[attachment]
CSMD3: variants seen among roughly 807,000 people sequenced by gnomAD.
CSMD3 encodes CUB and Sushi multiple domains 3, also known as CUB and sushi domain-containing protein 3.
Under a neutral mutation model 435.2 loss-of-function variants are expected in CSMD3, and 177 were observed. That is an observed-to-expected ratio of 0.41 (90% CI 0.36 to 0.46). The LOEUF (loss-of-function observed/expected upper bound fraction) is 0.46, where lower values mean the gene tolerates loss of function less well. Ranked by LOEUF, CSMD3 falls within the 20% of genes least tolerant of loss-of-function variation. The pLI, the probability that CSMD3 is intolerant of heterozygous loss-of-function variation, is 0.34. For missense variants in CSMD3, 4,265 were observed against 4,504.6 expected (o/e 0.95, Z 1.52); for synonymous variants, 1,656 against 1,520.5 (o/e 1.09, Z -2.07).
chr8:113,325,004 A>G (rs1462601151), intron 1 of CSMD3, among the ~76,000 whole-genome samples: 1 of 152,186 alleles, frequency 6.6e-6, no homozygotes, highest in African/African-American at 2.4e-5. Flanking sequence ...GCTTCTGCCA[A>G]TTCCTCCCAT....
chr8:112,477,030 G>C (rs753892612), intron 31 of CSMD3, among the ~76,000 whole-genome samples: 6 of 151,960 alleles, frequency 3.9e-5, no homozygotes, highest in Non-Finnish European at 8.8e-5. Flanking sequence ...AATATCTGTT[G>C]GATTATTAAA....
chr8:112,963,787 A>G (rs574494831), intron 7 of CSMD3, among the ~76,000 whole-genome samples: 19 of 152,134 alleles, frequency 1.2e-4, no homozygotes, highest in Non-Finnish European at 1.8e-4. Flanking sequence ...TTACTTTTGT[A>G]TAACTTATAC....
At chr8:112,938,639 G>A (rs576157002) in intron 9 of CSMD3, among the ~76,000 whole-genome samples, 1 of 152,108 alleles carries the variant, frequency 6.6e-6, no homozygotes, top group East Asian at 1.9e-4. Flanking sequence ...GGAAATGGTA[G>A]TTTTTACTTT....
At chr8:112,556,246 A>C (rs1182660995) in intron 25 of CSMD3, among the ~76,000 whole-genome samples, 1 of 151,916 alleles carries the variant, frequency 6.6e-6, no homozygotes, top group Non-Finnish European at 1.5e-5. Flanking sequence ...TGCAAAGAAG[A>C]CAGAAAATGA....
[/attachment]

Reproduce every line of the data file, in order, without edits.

CSMD3: variants seen among roughly 807,000 people sequenced by gnomAD.
CSMD3 encodes CUB and Sushi multiple domains 3, also known as CUB and sushi domain-containing protein 3.
Under a neutral mutation model 435.2 loss-of-function variants are expected in CSMD3, and 177 were observed. That is an observed-to-expected ratio of 0.41 (90% CI 0.36 to 0.46). The LOEUF (loss-of-function observed/expected upper bound fraction) is 0.46, where lower values mean the gene tolerates loss of function less well. Ranked by LOEUF, CSMD3 falls within the 20% of genes least tolerant of loss-of-function variation. The pLI, the probability that CSMD3 is intolerant of heterozygous loss-of-function variation, is 0.34. For missense variants in CSMD3, 4,265 were observed against 4,504.6 expected (o/e 0.95, Z 1.52); for synonymous variants, 1,656 against 1,520.5 (o/e 1.09, Z -2.07).
chr8:113,325,004 A>G (rs1462601151), intron 1 of CSMD3, among the ~76,000 whole-genome samples: 1 of 152,186 alleles, frequency 6.6e-6, no homozygotes, highest in African/African-American at 2.4e-5. Flanking sequence ...GCTTCTGCCA[A>G]TTCCTCCCAT....
chr8:112,477,030 G>C (rs753892612), intron 31 of CSMD3, among the ~76,000 whole-genome samples: 6 of 151,960 alleles, frequency 3.9e-5, no homozygotes, highest in Non-Finnish European at 8.8e-5. Flanking sequence ...AATATCTGTT[G>C]GATTATTAAA....
chr8:112,963,787 A>G (rs574494831), intron 7 of CSMD3, among the ~76,000 whole-genome samples: 19 of 152,134 alleles, frequency 1.2e-4, no homozygotes, highest in Non-Finnish European at 1.8e-4. Flanking sequence ...TTACTTTTGT[A>G]TAACTTATAC....
At chr8:112,938,639 G>A (rs576157002) in intron 9 of CSMD3, among the ~76,000 whole-genome samples, 1 of 152,108 alleles carries the variant, frequency 6.6e-6, no homozygotes, top group East Asian at 1.9e-4. Flanking sequence ...GGAAATGGTA[G>A]TTTTTACTTT....
At chr8:112,556,246 A>C (rs1182660995) in intron 25 of CSMD3, among the ~76,000 whole-genome samples, 1 of 151,916 alleles carries the variant, frequency 6.6e-6, no homozygotes, top group Non-Finnish European at 1.5e-5. Flanking sequence ...TGCAAAGAAG[A>C]CAGAAAATGA....